LeetCode: Arrays 101: Inserting Items Into an Array


Here are my solutions for the second part of the card: Arrays 101, from LeetCode.

Duplicate Zeroes

Given an array of integers, remove duplicate zeroes and shift the remaining elements.


class Solution:
    def duplicateZeros(self, arr: List[int]) -> None:
        Do not return anything, modify arr in-place instead.
        index = 0
        arr_length = len(arr)
        while index < arr_length:
            if arr[index] == 0:
                arr.insert(index, 0)
                index += 1
            index += 1

 Merge Sorted Array

Given two sorted arrays, merge them together into nums1.


This problem wasn’t very Pythonic and I actually want to practice my problem solving skills together with my Python skills, so, I’ve took the liberty to modify the problem a little:

from typing import List

class Solution:
    def merge(self, nums1: List[int], nums2: List[int]) -> None:
        Do not return anything, modify nums1 in-place instead.
        n = len(nums2)
        # remove 0 from nums1
        nums2_index = 0

        for i, num in enumerate(nums1):
            # We've reached the end of nums2, means we're merged.
            if nums2_index == n:
            if nums2[nums2_index] <= num:
                nums1.insert(i, nums2[nums2_index])
                nums2_index += 1

        # If there's anything left in nums2 we'll add it to the end
        for item in nums2[nums2_index:]:

if __name__ == '__main__':
    s = Solution()
    a = [1,2,3]
    s.merge(a, [2,5,6])

Thank you!

LeetCode: Arrays 101: Introduction – Solutions


LeetCode is a good place to practice programming by solving problems of all levels!

After you solve a problem, you’ll get access to all submitted solutions, sorted by time and memory usage. That’s a nice way to compare your code to others and see what you did well and where you can improve.

Here’s my solutions for the Arrays 101: Introduction card:

Max Consecutive Ones


class Solution:
    def findMaxConsecutiveOnes(self, nums: List[int]) -> int:
        max_counter = 0
        counter = 0
        for i in nums:
            if i == 1:
                counter += 1
                if counter > max_counter:
                    max_counter = counter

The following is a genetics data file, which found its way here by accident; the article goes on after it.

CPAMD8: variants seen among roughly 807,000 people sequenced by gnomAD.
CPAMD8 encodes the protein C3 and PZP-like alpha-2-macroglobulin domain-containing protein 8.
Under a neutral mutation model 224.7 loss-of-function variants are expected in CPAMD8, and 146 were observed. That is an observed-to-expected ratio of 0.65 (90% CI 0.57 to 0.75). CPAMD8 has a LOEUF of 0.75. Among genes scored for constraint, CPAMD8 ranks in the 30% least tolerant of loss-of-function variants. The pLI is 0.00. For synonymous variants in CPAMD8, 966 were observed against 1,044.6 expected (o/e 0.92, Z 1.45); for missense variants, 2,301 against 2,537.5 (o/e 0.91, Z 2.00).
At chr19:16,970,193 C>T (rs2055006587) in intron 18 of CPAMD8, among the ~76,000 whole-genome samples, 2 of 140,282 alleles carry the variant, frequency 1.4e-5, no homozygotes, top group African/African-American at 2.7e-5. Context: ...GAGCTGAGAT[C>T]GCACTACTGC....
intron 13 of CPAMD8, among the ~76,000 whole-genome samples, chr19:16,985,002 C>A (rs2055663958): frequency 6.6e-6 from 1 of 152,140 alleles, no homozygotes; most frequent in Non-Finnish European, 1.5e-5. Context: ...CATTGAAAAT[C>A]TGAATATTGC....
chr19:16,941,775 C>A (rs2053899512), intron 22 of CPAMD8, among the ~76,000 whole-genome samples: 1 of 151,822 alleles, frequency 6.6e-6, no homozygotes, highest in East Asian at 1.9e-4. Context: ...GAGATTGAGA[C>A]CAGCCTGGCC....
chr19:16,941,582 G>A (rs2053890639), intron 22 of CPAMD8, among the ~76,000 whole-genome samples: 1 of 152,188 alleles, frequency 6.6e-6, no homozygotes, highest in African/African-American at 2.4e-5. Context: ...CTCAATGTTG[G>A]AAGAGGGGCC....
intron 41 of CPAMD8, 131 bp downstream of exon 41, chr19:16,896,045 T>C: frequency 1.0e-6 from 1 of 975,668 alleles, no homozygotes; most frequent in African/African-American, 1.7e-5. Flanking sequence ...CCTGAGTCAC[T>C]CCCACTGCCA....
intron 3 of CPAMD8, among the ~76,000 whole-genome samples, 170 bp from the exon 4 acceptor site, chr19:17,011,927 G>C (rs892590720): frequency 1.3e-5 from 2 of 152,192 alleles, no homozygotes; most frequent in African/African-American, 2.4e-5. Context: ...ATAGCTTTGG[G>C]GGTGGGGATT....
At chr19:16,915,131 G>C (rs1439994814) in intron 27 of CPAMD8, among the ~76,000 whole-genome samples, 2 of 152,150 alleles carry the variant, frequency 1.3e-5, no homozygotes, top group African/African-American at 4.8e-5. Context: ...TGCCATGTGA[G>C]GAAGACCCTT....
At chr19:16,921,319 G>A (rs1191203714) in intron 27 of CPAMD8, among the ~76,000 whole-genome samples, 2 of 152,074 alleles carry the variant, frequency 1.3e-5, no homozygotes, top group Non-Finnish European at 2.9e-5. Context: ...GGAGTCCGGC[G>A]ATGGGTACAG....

counter = 0
        if counter > max_counter:
            max_counter = counter
        return max_counter

Find Numbers with Even Number of Digits


class Solution:

    def is_even(value):
        return len(str(value)) % 2 == 0

    def findNumbers(self, nums: List[int]) -> int:
        return_value = 0
        for number in nums:
            if self.is_even(number):
                return_value += 1
        return return_value

Squares of a Sorted Array


When writing code like this be careful because you’re altering the A list in place.

class Solution:
    def sortedSquares(self, A: List[int]) -> List[int]:
        for index, num in enumerate(A):
            A[index] = num ** 2
        return sorted(A)

Thanks for reading!

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Nucu Car: Devlog 0x02


I’m still working on my NucuCar project from time to time, I’m currently at my parents home and I left the raspberry pi at my apartment so I’m only testing the builds it on my computer. Luckily I can test the telemetry by using the CPU temperature sensor implemented by dotnet IoT.

For the next step, I wanted an effective way to store telemetry data in the cloud, preferably for free, since this is a hobby project after all.

After testing multiple solutions I’ve settled with Firebase, I tried to write a telemetry publisher for it using it’s SDK which internally uses gRPC and everything went well until I put it on the board. It turns out that dotnet gRPC doesn’t work on raspberry pi. I got the basic server working using a hack but that’s about it, so I moved to the REST API and I’ve implemented a simple translator which translates raw C# dictionaries into compatible Firebase RESTful post request Json payload.

The project got a little bigger and at the current state it was quite messy, a restructuring is needed and this is what I’ve done:


Initially I’ve designed the NucuCar.Domain project to contain .proto files and data classes without too much implementation, however, many Telemetry Publishers such as Azure, Disk were in this package and it was kind of wrong because they contain too much implementation and they were dependent on heavy external packages and they would bring too much of a burden.

The TelemetryPublisher abstract class and the ITelemeter interface both which don’t contain implementation remained in NucuCar.Domain and the concrete publishers along with the worker were extracted in NucuCar.Telemetry.

I’ve also extracted the Firebase translator into a package of it’s own, and published it on NuGet, making this my first published package. 😀


In NucuCar.Common, I’ve moved some of the classes which were utility classes and were still present in NucuCar.Domain, the ConnectionParser class and a class which provides basic argument guarding.

Another thing that I needed and I’ve implemented in NucuCar.Common is a HttpClient wrapper class, I found very verbose to serialize Json every time and deserialize it when sending data to Firebase.

Thus I made a simple wrapper to simplify the process, while also introducing a retry mechanism and cancellation and timeout support.


Overall I’m quite happy with the end result and I’m looking forward to see what interesting things I can implement in the future.

I’m not sure if I want this to be a remote controlled toy car project anymore, it sounds good but I think it would be more practical If I could connect multiple sensors, create a simple interface and monitor my apartment using this, perhaps add some support to automatically water my plants, that would be nice.

The project is open source and can be found on my Github.

Thanks for reading!